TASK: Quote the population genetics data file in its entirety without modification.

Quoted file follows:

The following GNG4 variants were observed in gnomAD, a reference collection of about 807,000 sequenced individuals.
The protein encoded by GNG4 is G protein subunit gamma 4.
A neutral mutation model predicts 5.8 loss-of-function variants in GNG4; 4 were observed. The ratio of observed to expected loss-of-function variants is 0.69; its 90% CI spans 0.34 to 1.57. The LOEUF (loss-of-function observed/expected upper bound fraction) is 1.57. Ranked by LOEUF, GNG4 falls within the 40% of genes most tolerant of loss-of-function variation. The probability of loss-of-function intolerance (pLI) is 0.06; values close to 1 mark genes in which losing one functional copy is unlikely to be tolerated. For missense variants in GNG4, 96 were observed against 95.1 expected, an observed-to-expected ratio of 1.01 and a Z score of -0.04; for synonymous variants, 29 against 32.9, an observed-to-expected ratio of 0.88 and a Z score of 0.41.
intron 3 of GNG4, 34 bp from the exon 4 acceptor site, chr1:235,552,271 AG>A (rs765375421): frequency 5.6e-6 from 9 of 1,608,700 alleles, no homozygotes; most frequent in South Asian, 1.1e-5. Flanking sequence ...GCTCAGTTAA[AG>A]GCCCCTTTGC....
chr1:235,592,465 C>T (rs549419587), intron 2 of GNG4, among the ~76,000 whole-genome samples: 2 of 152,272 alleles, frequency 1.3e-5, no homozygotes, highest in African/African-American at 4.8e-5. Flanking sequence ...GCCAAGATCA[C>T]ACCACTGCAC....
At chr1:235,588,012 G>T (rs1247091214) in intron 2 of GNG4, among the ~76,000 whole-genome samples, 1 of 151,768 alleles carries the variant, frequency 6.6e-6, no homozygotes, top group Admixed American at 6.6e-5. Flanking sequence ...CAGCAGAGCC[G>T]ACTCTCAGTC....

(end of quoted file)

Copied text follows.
The following GNG4 variants were observed in gnomAD, a reference collection of about 807,000 sequenced individuals.
The protein encoded by GNG4 is G protein subunit gamma 4.
A neutral mutation model predicts 5.8 loss-of-function variants in GNG4; 4 were observed. The ratio of observed to expected loss-of-function variants is 0.69; its 90% CI spans 0.34 to 1.57. The LOEUF (loss-of-function observed/expected upper bound fraction) is 1.57. Ranked by LOEUF, GNG4 falls within the 40% of genes most tolerant of loss-of-function variation. The probability of loss-of-function intolerance (pLI) is 0.06; values close to 1 mark genes in which losing one functional copy is unlikely to be tolerated. For missense variants in GNG4, 96 were observed against 95.1 expected, an observed-to-expected ratio of 1.01 and a Z score of -0.04; for synonymous variants, 29 against 32.9, an observed-to-expected ratio of 0.88 and a Z score of 0.41.
intron 3 of GNG4, 34 bp from the exon 4 acceptor site, chr1:235,552,271 AG>A (rs765375421): frequency 5.6e-6 from 9 of 1,608,700 alleles, no homozygotes; most frequent in South Asian, 1.1e-5. Flanking sequence ...GCTCAGTTAA[AG>A]GCCCCTTTGC....
chr1:235,592,465 C>T (rs549419587), intron 2 of GNG4, among the ~76,000 whole-genome samples: 2 of 152,272 alleles, frequency 1.3e-5, no homozygotes, highest in African/African-American at 4.8e-5. Flanking sequence ...GCCAAGATCA[C>T]ACCACTGCAC....
At chr1:235,588,012 G>T (rs1247091214) in intron 2 of GNG4, among the ~76,000 whole-genome samples, 1 of 151,768 alleles carries the variant, frequency 6.6e-6, no homozygotes, top group Admixed American at 6.6e-5. Flanking sequence ...CAGCAGAGCC[G>T]ACTCTCAGTC....